Companies again picked up the pace of hiring in June, taking pains to grab what they could from a tight labor pool – loosened somewhat by the annual stampede that occurs when schools let out for summer, recruiters say.
Workers are also gaining confidence and are beginning to test greener pastures – and as the job churn builds it leaves holes for increasingly desperate employers to fill.
Demand has been strong of late, with job growth impeded mainly by tight labor pools – and with that loosening a bit, June payrolls could be quite a marvel to behold.
Negotiating power has shifted to workers across the board, aided in part by pending minimum wage increases in key states like California, where the early sounding is that the minimum wage hike will be more of a jobs enhancer than a jobs killer.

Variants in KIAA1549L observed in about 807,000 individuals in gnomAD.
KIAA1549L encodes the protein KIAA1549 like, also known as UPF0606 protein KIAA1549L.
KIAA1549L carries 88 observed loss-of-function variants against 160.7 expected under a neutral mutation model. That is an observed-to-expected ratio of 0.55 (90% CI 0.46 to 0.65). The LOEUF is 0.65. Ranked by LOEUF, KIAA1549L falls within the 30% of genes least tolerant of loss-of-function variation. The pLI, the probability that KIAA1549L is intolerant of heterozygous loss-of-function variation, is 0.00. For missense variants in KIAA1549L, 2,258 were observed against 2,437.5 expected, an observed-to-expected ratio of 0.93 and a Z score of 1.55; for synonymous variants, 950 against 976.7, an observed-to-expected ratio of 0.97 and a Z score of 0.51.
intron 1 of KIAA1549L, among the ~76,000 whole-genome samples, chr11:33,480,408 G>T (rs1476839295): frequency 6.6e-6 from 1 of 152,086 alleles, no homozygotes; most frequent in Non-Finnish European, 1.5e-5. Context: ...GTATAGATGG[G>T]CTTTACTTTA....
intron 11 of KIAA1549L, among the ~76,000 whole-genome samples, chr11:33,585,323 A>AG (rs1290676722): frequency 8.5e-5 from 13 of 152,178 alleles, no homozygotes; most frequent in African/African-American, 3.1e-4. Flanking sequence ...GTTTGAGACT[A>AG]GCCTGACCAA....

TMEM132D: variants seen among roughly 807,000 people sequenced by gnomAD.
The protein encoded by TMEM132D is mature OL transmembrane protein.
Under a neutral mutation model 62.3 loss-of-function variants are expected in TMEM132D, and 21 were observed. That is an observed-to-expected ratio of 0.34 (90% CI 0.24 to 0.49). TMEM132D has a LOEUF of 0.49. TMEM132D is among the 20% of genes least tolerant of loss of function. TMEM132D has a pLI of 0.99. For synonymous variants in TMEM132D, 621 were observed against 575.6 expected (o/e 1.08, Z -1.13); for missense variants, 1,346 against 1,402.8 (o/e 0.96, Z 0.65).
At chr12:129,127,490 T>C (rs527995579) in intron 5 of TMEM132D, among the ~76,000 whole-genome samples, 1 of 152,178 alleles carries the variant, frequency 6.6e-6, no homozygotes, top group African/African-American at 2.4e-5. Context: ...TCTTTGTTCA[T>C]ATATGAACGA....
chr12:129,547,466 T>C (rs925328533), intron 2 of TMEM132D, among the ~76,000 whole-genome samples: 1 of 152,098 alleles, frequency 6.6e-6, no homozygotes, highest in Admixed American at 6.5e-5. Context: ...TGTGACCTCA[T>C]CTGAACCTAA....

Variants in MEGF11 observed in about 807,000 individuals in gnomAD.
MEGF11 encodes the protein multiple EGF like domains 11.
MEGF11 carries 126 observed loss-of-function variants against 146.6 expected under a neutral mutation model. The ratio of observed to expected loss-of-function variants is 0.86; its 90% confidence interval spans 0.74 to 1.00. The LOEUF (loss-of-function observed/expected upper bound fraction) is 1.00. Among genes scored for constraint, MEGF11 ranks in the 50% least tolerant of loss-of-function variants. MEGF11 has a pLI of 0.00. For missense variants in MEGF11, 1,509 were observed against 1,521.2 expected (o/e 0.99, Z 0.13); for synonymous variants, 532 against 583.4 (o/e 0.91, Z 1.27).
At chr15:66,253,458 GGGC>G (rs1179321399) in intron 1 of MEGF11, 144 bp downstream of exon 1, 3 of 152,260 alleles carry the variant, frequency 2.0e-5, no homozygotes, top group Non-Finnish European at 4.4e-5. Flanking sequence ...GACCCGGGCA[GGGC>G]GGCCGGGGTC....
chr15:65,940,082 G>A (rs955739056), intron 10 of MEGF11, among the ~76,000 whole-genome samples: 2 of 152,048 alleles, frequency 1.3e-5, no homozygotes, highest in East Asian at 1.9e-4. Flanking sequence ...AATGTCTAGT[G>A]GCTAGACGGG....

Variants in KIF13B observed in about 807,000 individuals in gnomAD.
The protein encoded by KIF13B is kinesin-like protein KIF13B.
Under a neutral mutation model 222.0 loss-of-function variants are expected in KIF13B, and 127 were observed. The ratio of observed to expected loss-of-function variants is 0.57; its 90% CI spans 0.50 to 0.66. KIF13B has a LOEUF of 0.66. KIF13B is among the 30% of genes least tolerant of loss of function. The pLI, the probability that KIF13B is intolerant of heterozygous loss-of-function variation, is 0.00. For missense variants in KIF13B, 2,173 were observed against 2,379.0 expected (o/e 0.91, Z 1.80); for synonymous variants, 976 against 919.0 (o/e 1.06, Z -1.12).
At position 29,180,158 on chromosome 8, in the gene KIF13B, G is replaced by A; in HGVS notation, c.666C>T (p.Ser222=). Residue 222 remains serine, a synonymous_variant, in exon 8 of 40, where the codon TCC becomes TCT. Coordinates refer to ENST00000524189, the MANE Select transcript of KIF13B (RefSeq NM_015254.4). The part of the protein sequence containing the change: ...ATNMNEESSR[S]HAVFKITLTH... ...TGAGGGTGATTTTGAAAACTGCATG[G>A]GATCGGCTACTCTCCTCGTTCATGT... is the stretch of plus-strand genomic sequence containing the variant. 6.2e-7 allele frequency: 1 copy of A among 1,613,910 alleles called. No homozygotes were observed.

Employers, willingly or not, are starting to get ahead of the wage curve for fear of losing workers – and, so far, recruiters see nothing to support the Congressional Budget Office’s assertion that a minimum wage increase would mean lost jobs.
If anything, more pay expands the labor pool by providing an incentive to work, while too little pay creates disincentives to work and pushes people into the underground economy or keeps them on the dole.
Employers again are offering incentives to recruit and retain workers – and the more enlightened among them now engage in job training in response to skills mismatches.
The flipside is that anyone basing hiring strategies in a kneejerk approach to a 6.3% jobless rate is likely to end up understaffed, under-producing, and underwater.
So there’s a lot to be said for a joke that’s been making the rounds: The CFO asks the CEO: “What happens if we invest in developing our people and they leave us?” To which the wiser CEO replies: “What happens if we don't, and they stay?”